What is the ATP?

The ATP, Accord Transport Perrisable – the French short form of the Agreement on the International Carriage of Perishable Foodstuffs and on the Special Equipment to be Used for such Carriage – was signed in Geneva on 1 September 1970 for the purpose of guaranteeing end consumers that their food would be delivered under the appropriate conditions of hygiene. This agreement is considered a set of technical and health standards that specify how perishable foodstuffs must be transported, specifying the requisites that must be met by the special vehicles used for their transport, and setting out the control procedures needed to ensure their compliance.

What are perishable foodstuffs?

These are foods that need controlled temperatures for their transport.

It should be pointed out that only those foodstuffs contained in the agreement are considered perishable, and that maximum temperatures are also set out.

How often do containers need to undergo an inspection?

The initial inspection is the responsibility of the manufacturer for new containers and certification is valid for six years. After this time, an inspection is required every three years. Products included in the ATP standard:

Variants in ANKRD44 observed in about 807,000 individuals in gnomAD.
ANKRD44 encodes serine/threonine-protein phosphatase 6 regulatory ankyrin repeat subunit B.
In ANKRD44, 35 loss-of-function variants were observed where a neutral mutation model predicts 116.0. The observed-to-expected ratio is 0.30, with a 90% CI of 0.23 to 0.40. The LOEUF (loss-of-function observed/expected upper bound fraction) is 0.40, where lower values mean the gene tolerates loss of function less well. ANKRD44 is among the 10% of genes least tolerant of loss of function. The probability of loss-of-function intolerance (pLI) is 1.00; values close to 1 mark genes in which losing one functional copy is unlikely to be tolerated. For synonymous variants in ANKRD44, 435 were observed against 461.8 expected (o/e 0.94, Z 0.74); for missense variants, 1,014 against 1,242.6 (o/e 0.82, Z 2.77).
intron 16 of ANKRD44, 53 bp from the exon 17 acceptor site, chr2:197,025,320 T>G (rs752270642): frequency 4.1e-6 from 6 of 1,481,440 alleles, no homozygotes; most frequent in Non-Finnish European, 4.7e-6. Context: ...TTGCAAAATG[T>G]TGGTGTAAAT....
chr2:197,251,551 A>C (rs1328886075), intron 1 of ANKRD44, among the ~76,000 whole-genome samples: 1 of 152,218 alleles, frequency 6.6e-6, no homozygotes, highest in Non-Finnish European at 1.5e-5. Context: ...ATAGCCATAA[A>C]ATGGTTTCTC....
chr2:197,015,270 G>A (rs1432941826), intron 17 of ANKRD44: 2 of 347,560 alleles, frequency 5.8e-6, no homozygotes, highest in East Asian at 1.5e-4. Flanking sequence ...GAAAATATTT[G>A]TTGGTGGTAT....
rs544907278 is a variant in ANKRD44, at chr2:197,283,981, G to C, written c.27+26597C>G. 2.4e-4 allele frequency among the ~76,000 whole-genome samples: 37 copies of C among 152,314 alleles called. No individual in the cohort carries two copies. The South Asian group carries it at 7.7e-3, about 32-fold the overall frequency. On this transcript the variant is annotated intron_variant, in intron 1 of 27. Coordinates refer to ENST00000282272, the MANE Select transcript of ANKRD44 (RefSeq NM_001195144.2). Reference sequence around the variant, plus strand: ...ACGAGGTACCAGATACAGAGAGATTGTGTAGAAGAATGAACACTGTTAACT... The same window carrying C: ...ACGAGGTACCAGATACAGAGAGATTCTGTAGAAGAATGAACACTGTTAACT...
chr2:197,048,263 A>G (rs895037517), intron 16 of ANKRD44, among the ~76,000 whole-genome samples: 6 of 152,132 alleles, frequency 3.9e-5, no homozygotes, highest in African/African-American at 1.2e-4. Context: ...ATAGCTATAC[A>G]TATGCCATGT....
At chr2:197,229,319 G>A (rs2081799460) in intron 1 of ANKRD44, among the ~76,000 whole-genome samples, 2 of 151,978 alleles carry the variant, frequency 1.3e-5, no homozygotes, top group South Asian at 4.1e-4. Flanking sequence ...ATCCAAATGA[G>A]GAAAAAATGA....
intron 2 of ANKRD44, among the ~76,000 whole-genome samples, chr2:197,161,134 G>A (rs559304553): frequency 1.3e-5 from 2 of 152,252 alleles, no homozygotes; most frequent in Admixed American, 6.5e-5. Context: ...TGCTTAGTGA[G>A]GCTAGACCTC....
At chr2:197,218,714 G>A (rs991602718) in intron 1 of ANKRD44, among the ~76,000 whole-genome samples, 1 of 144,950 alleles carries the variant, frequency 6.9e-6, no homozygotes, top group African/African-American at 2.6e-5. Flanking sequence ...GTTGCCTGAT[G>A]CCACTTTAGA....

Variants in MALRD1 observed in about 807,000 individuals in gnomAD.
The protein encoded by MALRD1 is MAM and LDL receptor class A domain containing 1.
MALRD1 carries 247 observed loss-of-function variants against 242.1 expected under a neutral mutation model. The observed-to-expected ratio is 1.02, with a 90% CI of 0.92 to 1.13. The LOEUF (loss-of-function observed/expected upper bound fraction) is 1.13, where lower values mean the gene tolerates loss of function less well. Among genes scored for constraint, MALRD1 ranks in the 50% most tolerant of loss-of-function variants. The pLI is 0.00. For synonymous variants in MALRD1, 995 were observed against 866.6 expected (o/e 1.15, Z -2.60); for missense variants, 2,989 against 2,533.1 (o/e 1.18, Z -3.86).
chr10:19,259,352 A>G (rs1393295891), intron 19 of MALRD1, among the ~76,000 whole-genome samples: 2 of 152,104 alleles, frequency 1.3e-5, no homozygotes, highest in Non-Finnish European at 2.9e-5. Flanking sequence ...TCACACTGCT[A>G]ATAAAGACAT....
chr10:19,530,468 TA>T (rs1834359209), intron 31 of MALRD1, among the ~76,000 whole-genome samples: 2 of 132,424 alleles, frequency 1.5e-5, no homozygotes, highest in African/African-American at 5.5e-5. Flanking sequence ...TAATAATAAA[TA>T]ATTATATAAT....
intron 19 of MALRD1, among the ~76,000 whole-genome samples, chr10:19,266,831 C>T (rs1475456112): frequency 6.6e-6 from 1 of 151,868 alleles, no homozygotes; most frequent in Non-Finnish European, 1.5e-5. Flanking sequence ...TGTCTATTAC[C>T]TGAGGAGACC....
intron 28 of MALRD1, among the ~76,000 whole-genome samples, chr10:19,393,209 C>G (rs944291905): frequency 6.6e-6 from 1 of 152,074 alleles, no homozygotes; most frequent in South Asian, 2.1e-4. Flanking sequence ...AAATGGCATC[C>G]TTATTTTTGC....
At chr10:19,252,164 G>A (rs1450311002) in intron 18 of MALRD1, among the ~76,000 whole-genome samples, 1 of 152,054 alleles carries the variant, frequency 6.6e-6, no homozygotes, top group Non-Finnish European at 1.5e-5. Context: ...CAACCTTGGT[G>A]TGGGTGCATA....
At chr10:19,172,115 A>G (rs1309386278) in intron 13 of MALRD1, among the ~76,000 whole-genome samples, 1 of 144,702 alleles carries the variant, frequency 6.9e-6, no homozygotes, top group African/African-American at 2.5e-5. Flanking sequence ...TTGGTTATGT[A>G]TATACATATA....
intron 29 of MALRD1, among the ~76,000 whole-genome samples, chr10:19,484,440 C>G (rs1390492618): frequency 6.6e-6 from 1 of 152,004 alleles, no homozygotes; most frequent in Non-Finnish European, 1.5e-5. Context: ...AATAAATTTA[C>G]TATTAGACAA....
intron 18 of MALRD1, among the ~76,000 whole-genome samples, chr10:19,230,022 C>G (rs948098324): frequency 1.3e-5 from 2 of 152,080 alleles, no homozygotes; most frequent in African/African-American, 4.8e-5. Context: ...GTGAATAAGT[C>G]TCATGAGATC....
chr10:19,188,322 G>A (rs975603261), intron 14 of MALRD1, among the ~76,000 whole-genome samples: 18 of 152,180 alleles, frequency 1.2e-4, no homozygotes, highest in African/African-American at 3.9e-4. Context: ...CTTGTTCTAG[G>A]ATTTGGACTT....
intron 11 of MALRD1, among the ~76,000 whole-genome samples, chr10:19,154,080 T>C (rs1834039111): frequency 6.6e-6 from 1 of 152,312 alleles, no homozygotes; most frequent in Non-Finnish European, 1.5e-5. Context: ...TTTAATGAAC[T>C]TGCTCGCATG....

• Ice cream –20ºC
  • Frozen or quick (deep)-frozen fish, fish products, molluscs and crustaceans –18ºC
  • All other quick (deep)-frozen foodstuffs –18ºC
  • Frozen butter –10ºC
  • All other frozen foodstuffs –12ºC
  • Red offal +3ºC
  • Butter +6ºC
  • Game products (other than large game) + 4ºC
  • Milk in tankers +4ºC
  • Industrial milk +6ºC
  • Refrigerated dairy products +4ºC
  • Untreated fish, molluscs and crustaceans on melting ice or at temperature of melting ice
  • Meat products (other than red offal and fully treated preserved meat products) +7ºC
  • Poultry and rabbits +4ºC

Ready cooked foodstuffs are not considered perishable foodstuffs according to the ATP, so are exempt from the requirement to transport them in ATP-certified vehicles.